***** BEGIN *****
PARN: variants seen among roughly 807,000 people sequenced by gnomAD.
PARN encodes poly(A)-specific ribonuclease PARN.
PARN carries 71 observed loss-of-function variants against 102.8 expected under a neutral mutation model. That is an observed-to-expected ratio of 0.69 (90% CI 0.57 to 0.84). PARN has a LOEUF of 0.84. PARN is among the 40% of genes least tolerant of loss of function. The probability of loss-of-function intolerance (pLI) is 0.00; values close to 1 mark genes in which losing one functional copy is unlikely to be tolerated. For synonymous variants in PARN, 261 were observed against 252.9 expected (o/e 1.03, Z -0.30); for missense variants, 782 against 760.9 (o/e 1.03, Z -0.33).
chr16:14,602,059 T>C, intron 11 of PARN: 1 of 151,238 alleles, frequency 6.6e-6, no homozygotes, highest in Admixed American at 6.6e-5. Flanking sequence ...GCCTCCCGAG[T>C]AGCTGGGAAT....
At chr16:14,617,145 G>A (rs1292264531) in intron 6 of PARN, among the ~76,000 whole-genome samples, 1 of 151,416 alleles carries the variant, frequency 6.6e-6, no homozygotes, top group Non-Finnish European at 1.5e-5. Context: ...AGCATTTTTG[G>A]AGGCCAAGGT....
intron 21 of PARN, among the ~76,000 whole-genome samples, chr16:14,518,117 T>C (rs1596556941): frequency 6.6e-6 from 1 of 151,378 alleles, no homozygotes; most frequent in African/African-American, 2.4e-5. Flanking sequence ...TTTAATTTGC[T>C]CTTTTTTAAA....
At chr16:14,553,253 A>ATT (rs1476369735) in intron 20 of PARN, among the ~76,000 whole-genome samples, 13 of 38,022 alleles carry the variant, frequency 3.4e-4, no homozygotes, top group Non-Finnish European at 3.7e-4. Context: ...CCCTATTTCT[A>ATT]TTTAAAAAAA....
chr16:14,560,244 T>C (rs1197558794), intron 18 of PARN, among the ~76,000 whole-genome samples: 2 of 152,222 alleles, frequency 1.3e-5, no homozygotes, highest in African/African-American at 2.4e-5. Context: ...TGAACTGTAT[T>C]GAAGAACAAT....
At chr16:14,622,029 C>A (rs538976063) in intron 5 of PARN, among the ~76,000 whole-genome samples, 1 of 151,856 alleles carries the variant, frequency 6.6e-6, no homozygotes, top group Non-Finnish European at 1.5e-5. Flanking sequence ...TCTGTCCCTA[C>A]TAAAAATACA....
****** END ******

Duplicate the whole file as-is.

PARN: variants seen among roughly 807,000 people sequenced by gnomAD.
PARN encodes poly(A)-specific ribonuclease PARN.
PARN carries 71 observed loss-of-function variants against 102.8 expected under a neutral mutation model. That is an observed-to-expected ratio of 0.69 (90% CI 0.57 to 0.84). PARN has a LOEUF of 0.84. PARN is among the 40% of genes least tolerant of loss of function. The probability of loss-of-function intolerance (pLI) is 0.00; values close to 1 mark genes in which losing one functional copy is unlikely to be tolerated. For synonymous variants in PARN, 261 were observed against 252.9 expected (o/e 1.03, Z -0.30); for missense variants, 782 against 760.9 (o/e 1.03, Z -0.33).
chr16:14,602,059 T>C, intron 11 of PARN: 1 of 151,238 alleles, frequency 6.6e-6, no homozygotes, highest in Admixed American at 6.6e-5. Flanking sequence ...GCCTCCCGAG[T>C]AGCTGGGAAT....
At chr16:14,617,145 G>A (rs1292264531) in intron 6 of PARN, among the ~76,000 whole-genome samples, 1 of 151,416 alleles carries the variant, frequency 6.6e-6, no homozygotes, top group Non-Finnish European at 1.5e-5. Context: ...AGCATTTTTG[G>A]AGGCCAAGGT....
intron 21 of PARN, among the ~76,000 whole-genome samples, chr16:14,518,117 T>C (rs1596556941): frequency 6.6e-6 from 1 of 151,378 alleles, no homozygotes; most frequent in African/African-American, 2.4e-5. Flanking sequence ...TTTAATTTGC[T>C]CTTTTTTAAA....
At chr16:14,553,253 A>ATT (rs1476369735) in intron 20 of PARN, among the ~76,000 whole-genome samples, 13 of 38,022 alleles carry the variant, frequency 3.4e-4, no homozygotes, top group Non-Finnish European at 3.7e-4. Context: ...CCCTATTTCT[A>ATT]TTTAAAAAAA....
chr16:14,560,244 T>C (rs1197558794), intron 18 of PARN, among the ~76,000 whole-genome samples: 2 of 152,222 alleles, frequency 1.3e-5, no homozygotes, highest in African/African-American at 2.4e-5. Context: ...TGAACTGTAT[T>C]GAAGAACAAT....
At chr16:14,622,029 C>A (rs538976063) in intron 5 of PARN, among the ~76,000 whole-genome samples, 1 of 151,856 alleles carries the variant, frequency 6.6e-6, no homozygotes, top group Non-Finnish European at 1.5e-5. Flanking sequence ...TCTGTCCCTA[C>A]TAAAAATACA....